by Addison Wiggin & Dave Gonigam – March 3, 2011
- "Upside blowout" in gold, "explosive action" in silver…Resource guru Rick Rule’s latest outlook
- Wall Street cheers jobless claims, service sector numbers…The 5 offers a cautionary note
- Food prices reach another record…Chris Mayer on the "white rock" poised for profit
- The pitfalls of currency trading, from a guy who wrote the book (two, actually) on forex
- Readers indulge in freewheeling (but civil) discussion of labor unions
Oil and precious metals are taking a breather on rumors of a peace plan for Libya. We’ll believe it when we see it, but for the time being, the black goo is off nearly a buck…back to $101.30
Gold has pulled back from this week’s record highs too, but again not by much. The spot price as we write is $1,424.
“Gold it is no longer a contrarian buy,” warns our friend and Vancouver stalwart Rick Rule, stepping back and looking at the longer-term picture. “But we need to remember that all of world demand is denominated in U.S. dollars, and if the denominator is declining, the numerator only needs to hold even to rise in price.
“So the baseline move in the gold price is accounted for by the deterioration in the U.S. dollar. On top of that, we have continued currency crises in Europe, widespread and serious political instability in the Middle East and North Africa and surprisingly strong physical demand from India and China.”
“This could be the prelude to an upside blowout.”
In the panic trade of 1979-80, gold shot up from $520 to $850 in less than three weeks. That’s 63%.
By Feb. 1, 1980, it was back to $620. The price topped $700 a couple more times in 1980 but didn’t challenge the panic spike high of $850 again until 2006—26 years later.
We have seen only a gradual increase in the gold price during this current bull market. But just in case history continues its habit of rhyming, you might want to be positioned for another spike, and soon—not in another two or three weeks. Here are some more ideas on getting in while the gettin’s still good.
Silver is following gold on the way down this morning. But again at $34.40, it remains at dizzying heights.
“The situation in silver seems to be a shortage in the March delivery,” Rick Rule continues. “There is more silver called for delivery than there is silver to deliver.”
“Anecdotally, my sources tell me that demand for physical silver is outstripping demand for gold on dollar for dollar basis in European and North American markets.”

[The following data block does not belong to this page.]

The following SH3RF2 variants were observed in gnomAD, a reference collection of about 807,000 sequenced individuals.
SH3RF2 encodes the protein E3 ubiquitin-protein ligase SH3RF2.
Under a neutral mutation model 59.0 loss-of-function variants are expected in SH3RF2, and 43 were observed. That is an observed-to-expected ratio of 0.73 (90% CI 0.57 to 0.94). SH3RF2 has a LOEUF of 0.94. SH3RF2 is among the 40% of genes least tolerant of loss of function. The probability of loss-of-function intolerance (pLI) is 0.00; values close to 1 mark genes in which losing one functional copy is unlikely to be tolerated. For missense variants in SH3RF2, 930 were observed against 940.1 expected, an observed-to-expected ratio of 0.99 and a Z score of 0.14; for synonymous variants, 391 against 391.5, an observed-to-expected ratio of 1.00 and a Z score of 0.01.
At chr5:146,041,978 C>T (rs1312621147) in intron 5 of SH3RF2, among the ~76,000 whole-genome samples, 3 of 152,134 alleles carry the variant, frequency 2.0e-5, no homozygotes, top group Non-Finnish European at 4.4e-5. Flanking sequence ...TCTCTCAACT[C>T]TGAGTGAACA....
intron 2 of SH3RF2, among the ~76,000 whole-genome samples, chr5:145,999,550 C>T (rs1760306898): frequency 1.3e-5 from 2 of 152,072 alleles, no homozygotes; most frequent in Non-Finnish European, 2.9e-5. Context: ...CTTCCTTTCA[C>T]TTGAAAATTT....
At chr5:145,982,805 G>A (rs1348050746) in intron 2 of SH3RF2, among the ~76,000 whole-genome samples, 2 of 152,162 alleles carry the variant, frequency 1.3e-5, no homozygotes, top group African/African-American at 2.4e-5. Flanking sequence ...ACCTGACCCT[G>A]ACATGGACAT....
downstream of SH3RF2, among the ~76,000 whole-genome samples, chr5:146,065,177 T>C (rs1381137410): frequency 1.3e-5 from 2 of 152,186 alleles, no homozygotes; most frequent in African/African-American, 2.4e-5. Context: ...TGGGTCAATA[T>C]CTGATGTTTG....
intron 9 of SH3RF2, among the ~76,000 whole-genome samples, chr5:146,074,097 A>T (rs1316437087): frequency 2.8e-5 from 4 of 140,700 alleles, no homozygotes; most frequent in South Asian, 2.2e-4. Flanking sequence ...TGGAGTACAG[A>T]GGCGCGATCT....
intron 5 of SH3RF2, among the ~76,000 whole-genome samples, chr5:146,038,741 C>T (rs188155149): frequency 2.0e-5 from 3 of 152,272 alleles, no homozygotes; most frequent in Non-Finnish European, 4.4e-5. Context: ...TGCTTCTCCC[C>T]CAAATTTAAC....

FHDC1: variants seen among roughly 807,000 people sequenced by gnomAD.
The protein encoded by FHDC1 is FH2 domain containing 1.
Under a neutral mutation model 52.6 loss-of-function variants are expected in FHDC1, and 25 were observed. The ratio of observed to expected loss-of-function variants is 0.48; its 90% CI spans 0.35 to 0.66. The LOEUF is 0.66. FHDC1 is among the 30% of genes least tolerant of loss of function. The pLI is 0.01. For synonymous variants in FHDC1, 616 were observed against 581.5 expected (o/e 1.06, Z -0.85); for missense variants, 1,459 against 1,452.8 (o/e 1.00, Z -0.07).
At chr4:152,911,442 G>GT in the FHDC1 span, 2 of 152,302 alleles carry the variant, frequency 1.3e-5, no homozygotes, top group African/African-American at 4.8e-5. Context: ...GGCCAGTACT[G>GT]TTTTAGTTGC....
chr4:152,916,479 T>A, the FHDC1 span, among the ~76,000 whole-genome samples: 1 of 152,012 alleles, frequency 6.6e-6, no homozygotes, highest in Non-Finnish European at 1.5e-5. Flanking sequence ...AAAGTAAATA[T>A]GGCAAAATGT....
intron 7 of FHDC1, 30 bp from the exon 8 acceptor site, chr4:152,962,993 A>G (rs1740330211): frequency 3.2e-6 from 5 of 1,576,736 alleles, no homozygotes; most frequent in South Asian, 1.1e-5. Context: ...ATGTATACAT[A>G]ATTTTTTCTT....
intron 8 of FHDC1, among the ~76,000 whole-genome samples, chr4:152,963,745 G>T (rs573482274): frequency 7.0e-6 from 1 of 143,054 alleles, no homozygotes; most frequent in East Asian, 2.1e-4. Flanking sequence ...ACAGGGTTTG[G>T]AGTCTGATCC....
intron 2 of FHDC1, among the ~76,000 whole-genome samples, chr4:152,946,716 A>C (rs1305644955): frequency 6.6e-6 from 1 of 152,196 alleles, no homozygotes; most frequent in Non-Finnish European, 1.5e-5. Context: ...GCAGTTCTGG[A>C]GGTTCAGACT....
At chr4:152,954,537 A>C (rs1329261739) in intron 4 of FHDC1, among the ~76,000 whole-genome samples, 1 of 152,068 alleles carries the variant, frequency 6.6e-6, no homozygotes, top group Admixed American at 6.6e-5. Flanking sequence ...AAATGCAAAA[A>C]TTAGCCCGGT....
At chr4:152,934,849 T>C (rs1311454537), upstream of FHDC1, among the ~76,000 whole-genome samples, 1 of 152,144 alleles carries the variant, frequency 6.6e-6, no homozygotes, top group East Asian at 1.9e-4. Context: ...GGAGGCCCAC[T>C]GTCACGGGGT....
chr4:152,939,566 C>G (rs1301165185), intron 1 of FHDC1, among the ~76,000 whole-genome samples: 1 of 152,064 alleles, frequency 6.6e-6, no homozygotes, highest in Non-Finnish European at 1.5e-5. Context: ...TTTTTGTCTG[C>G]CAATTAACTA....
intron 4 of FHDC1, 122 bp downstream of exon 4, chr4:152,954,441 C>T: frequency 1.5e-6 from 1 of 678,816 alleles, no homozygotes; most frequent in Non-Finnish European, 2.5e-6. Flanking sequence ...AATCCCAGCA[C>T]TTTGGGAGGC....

“Certainly, what is of interest to me is the limited availability of new mine supply in view of increasing demand," Rick says, pointing to the figures we noted on Tuesday—investment demand growing 18% this year, but new mine supply only 8%.”
“In addition to the near term, you could see explosive action in silver in the future.”
“You could also see a sustained two or three year bull market in silver simply because supply isn’t sufficient to meet intermediate-term demand.” For six ways to capitalize on this trend, look here.
[Ed note. You may also want to lock in your spot at the Agora Financial Investment Symposium, where Mr. Rule will be a featured speaker. Early bird registration is still available, but we’re about to open the doors to a much wider audience. If you’re planning to attend, now is the time to let us know. Call Barb Perriello at (800) 926-6575. Remember, if you’re a Reserve member, your registration fee is included with your membership.]
Stocks are up big this morning.
As we write, the Dow is up 170 points and has recovered the last two days of losses. Among the data points traders are chewing on…
- First-time jobless claims fell last week to 368,000. That’s not a number that indicates actual job growth, but it is the lowest it’s been in three years
- The ISM services index rose in February from 59.4 to 59.7. Like the ISM manufacturing survey, 50 is the dividing line between expansion and contraction.
Unfortunately, a good portion of the latter number is driven by the “prices” component, which is rising…and the “inventories” component, which had been shrinking, but now is growing. Hello, margin squeeze.
Worldwide food prices hit another record during February. The U.N. Food and Agriculture Organization’s price index rose another 2.2%. That’s the eighth straight monthly rise, and the third month the index has eclipsed its previous 2008 high.
“There is no substitute for it,” says Chris Mayer identifying a natural resource that’s critical to food production. “And most of the world’s mines are in decline.”